Singapore, Uncategorized

Singapore should understand liberalism, and embrace it

I refer to the letter titled “Singapore should not fall prey to demands to be liberal” written by Mr Tam Wai Jia on 25th February 2016. 

 Using Madonna’s upcoming concert as an example, Mr Tam argued that Singapore should resist calls for liberalism because this would mean giving in to “public indecency” and “blasphemy”. Such a result would apparently upset the delicate social balance and destroy Singapore’s exceptionalism. 

 While Mr Tam’s commitment to his values is admirable, he misunderstands the nature of liberalism and its implications, should it be embraced in Singapore. Singaporeans should actually take this chance to better understand what liberalism is really about, and embrace it. 

Liberalism as a political philosophy, does not entail a commitment to any substantive set of moral values, but is rather, a minimal conception that simply demands individuals respect the free choice of others.  Simply put, embracing liberalism does not mean endorsing a particular way of life, but it means that we refrain from coercively suppressing, by law, how others pursue their version of the ‘good life’. According Madonna the right to parade an adulterated cross does not imply endorsing her beliefs.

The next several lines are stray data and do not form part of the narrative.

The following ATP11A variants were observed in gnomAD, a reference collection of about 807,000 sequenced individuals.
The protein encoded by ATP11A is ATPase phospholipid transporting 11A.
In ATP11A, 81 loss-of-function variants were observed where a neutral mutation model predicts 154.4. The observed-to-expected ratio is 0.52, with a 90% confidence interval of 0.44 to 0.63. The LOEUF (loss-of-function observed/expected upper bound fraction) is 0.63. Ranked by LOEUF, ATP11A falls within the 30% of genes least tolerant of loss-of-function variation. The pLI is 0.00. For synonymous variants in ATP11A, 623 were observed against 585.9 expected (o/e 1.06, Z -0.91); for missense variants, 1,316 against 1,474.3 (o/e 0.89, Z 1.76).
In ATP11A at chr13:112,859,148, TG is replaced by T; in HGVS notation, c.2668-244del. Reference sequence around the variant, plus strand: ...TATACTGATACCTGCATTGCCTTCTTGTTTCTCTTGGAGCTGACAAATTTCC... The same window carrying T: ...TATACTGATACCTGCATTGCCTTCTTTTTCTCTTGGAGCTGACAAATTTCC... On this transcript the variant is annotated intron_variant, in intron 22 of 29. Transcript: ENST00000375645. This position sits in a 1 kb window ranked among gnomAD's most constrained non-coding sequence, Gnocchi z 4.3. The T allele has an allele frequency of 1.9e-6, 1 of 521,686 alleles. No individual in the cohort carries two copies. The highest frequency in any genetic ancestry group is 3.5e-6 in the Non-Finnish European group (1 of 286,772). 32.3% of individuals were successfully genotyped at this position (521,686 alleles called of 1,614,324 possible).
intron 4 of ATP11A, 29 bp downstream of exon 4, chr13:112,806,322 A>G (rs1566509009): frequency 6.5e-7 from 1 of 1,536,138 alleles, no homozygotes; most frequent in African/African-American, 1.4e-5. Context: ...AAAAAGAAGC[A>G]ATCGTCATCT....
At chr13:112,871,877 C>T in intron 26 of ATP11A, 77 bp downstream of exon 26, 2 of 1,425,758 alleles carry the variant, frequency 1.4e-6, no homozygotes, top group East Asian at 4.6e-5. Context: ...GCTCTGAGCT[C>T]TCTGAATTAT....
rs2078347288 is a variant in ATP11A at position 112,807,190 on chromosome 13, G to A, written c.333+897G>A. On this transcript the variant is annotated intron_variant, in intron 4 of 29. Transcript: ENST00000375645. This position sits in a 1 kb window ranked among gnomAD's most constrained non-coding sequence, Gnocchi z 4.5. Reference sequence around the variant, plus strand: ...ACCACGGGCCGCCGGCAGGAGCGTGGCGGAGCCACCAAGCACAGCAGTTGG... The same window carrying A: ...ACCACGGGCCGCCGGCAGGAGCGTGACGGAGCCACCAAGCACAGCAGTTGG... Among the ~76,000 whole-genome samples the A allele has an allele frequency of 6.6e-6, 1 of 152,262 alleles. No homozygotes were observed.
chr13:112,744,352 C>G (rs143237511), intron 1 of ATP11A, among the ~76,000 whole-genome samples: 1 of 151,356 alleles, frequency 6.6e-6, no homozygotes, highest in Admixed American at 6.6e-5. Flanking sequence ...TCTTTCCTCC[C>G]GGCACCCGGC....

Should Mr Tam or any Singaporean feel uncomfortable at Madonna’s concert, or what they deem as indecent or blasphemous, there’s nothing stopping them from simply disassociating themselves. As a matter of fact, it is only in a liberal society will the rights of conservatives like Mr Tam be strongly protected, where he will be left free to disassociate himself from events or groups he deems unconscionable. Ironically, Mr Tam, for his railings against the “demands to be liberal”, will derive many benefits from a liberal system since religious minorities will be protected from majoritarian pressures to conform. 

A truly multi-racial or multi-religious society is one that embraces a diversity of values, where no singular set of “values” necessarily holds a privileged status. “Local mores”, in Mr Tam’s words, are not monolithic, and should not be. Our public space should be open to contestation.

Singaporeans are famously pragmatic, and rightly so. We have come so far, after all. If we really want Singapore to remain exceptional, the only sustainable approach would be to “let a hundred flowers bloom, and a hundred schools of thought contend”. This harnesses the collective energies of Singaporeans, and is the spark of innovation, creativity and progress. 

So lets welcome the loud, the irreverent and the downright controversial. Doing so also reveals the degree to which we hold fast to the notion of multi-culturalism and openness. This is how we remain committed to the belief that while we are all different, we are still equally valuable.

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